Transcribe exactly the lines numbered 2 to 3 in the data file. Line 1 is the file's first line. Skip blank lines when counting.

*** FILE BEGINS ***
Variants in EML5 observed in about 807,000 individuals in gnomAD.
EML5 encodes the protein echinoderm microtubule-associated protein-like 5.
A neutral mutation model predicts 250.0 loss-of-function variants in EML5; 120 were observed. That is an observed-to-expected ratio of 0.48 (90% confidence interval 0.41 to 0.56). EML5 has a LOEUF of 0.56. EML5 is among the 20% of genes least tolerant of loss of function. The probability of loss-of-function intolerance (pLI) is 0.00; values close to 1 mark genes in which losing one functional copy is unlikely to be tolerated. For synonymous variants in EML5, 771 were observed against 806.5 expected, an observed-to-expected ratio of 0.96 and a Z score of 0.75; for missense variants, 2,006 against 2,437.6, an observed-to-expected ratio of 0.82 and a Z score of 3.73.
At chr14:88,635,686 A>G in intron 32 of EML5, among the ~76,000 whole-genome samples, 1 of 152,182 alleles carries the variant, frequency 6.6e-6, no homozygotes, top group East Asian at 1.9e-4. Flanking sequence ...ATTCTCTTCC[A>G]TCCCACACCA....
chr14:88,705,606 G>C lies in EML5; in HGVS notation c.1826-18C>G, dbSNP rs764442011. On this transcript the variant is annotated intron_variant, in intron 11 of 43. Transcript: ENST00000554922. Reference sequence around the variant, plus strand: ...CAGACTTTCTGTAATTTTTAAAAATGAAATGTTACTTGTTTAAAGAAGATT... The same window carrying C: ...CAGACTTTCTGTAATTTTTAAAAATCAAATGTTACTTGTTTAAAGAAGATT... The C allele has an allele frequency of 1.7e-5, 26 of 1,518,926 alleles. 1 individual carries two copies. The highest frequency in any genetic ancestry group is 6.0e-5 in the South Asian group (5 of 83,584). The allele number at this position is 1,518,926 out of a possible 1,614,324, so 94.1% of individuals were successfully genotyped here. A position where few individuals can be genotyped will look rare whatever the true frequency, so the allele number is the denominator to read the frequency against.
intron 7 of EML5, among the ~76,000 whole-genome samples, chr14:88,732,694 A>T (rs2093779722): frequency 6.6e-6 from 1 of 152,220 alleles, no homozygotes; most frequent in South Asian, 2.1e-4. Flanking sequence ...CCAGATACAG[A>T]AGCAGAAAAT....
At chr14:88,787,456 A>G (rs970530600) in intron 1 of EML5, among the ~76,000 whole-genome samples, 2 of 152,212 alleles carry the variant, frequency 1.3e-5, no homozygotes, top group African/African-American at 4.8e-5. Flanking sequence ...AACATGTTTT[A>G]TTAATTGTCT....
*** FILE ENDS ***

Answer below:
EML5 encodes the protein echinoderm microtubule-associated protein-like 5.
A neutral mutation model predicts 250.0 loss-of-function variants in EML5; 120 were observed. That is an observed-to-expected ratio of 0.48 (90% confidence interval 0.41 to 0.56). EML5 has a LOEUF of 0.56. EML5 is among the 20% of genes least tolerant of loss of function. The probability of loss-of-function intolerance (pLI) is 0.00; values close to 1 mark genes in which losing one functional copy is unlikely to be tolerated. For synonymous variants in EML5, 771 were observed against 806.5 expected, an observed-to-expected ratio of 0.96 and a Z score of 0.75; for missense variants, 2,006 against 2,437.6, an observed-to-expected ratio of 0.82 and a Z score of 3.73.